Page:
Innocent Frauds Meet Goodhart’s Law in Monetary Policy

Levy Economics Institute of Bard College Working Paper No. 622

23 Pages Posted: 5 Oct 2010

See all articles by D.J. Bezemer

D.J. Bezemer

University of Groningen - Faculty of Economics and Business

Geoffrey W. Gardiner

affiliation not provided to SSRN

Date Written: September 5, 2010

Abstract

This paper discusses recent UK monetary policies as instances of John Kenneth Galbraith’s “innocent fraud,” including the idea that money is a thing rather than a relationship, the fallacy of composition (i.e., that what is possible for one bank is possible for all banks), and the belief that the money supply can be controlled by reserves management. The origins of the idea of quantitative easing (QE), and its defense when it was applied in Britain, are analyzed through this lens. An empirical analysis of the effect of reserves on lending is conducted; we do not find evidence that QE “worked,” either by a direct effect on money spending, or through an equity market effect. These findings are placed in a historical context in a comparison with earlier money control experiments in the UK.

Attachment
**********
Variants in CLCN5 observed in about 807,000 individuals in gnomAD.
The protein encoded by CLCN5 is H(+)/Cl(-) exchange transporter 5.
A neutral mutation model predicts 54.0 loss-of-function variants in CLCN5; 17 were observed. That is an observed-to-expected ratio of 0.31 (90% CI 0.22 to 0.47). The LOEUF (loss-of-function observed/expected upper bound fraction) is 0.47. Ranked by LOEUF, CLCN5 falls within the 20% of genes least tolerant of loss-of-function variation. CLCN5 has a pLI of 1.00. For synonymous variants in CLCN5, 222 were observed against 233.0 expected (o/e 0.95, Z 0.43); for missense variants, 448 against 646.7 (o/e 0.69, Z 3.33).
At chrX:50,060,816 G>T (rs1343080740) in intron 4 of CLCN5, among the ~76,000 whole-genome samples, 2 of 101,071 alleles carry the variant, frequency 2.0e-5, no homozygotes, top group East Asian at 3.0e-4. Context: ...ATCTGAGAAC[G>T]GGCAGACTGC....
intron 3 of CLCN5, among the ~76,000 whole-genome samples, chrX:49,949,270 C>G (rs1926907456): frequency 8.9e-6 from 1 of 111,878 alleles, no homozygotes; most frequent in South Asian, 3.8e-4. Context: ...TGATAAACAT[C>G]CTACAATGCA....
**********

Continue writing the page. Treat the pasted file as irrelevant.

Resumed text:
Keywords: Quantitative Easing, UK Innocent Frauds, Accounting

JEL Classification: E52, E58

Suggested Citation

Bezemer, Dirk J. and Gardiner, Geoffrey W., Innocent Frauds Meet Goodhart’s Law in Monetary Policy (September 5, 2010). Levy Economics Institute of Bard College Working Paper No. 622, Available at SSRN: https://ssrn.com/abstract=1687750 or http://dx.doi.org/10.2139/ssrn.1687750

Dirk J. Bezemer (Contact Author)

University of Groningen - Faculty of Economics and Business ( email )

Postbus 72
9700 AB Groningen
Netherlands

Geoffrey W. Gardiner

affiliation not provided to SSRN ( email )

Do you have a job opening that you would like to promote on SSRN?

Paper statistics

Downloads
90
Abstract Views
594
rank
407,079
PlumX Metrics